Parody as Fair Dealing in Canada: A Guide for Lawyers and Judges
Journal of Intellectual Property Law & Practice (Oxford), Vol. 4, No. 7, 2009
5 Pages Posted: 6 Sep 2009 Last revised: 30 Aug 2010
Date Written: September 3, 2009
The central feature of any parody is the use of humour or ridicule to point out some particular feature (or ‘peculiarity’) of the original work. The fair dealing provisions of Canada’s Copyright Act provide, inter alia, an exception against copyright infringement for ‘criticism’. Earlier jurisprudence declared that parodies were not forms of criticism and therefore fell outside the legislative bounds of the fair dealing scheme.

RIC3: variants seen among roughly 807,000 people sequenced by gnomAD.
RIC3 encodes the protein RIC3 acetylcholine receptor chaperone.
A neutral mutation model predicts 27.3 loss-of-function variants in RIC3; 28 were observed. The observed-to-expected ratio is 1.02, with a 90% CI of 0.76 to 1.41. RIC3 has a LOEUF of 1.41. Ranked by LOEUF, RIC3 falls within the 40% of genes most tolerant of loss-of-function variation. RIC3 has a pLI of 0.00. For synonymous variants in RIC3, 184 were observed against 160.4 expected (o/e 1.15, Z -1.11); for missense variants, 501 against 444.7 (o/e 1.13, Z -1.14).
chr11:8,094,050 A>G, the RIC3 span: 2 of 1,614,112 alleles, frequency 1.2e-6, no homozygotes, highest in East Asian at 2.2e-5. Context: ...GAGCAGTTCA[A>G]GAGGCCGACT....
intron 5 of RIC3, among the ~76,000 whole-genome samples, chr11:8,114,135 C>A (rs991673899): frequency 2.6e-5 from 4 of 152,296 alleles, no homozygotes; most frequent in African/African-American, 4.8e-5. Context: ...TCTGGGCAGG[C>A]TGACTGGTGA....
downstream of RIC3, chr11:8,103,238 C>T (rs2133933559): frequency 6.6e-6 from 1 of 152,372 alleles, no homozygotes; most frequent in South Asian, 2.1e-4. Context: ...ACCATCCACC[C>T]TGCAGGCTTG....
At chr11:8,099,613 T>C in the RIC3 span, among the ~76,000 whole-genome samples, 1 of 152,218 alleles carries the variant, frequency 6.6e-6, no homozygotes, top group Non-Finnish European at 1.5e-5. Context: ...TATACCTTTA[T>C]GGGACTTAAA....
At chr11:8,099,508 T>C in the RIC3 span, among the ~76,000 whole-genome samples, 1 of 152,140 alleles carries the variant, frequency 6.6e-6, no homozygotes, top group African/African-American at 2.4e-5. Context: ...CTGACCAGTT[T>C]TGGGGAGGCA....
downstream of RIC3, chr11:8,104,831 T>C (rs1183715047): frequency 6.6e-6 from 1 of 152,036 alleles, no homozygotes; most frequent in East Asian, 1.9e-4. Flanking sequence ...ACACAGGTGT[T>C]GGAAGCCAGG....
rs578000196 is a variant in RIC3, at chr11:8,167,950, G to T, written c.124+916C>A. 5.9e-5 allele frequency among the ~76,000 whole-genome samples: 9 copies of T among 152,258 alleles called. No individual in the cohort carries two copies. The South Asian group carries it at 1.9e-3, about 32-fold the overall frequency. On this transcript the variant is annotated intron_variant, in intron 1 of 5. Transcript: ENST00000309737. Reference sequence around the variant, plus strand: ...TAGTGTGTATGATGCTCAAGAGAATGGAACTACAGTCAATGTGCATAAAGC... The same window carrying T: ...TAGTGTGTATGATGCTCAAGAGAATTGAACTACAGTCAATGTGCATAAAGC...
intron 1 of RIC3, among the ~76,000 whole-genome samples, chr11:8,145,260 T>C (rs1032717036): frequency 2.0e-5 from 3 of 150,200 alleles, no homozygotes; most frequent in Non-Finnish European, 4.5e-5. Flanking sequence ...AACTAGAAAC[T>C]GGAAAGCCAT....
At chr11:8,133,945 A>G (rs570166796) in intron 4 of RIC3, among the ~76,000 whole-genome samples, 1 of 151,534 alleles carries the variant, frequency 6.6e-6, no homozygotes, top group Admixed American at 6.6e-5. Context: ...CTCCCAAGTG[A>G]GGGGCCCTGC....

The Supreme Court of Canada in CCH Canadian Ltd v Law Society of Upper Canada has now provided definitive guidance as to liberal interpretation that the fair dealing provisions of the Act ought to receive.
Combined with the maxim that the common law should develop in a manner consistent with the values enshrined in the Canadian Charter of Rights and Freedoms (like freedom of expression), the Supreme Court’s decision in CCH Canadian Ltd v Law Society of Upper Canada should signal an acceptance of parody as a statutorily valid form of criticism under the fair dealing provisions of the Act.
Keywords: parody, copyright, canada, charter of rights and freedoms, freedom of expression, fair dealing, fair use
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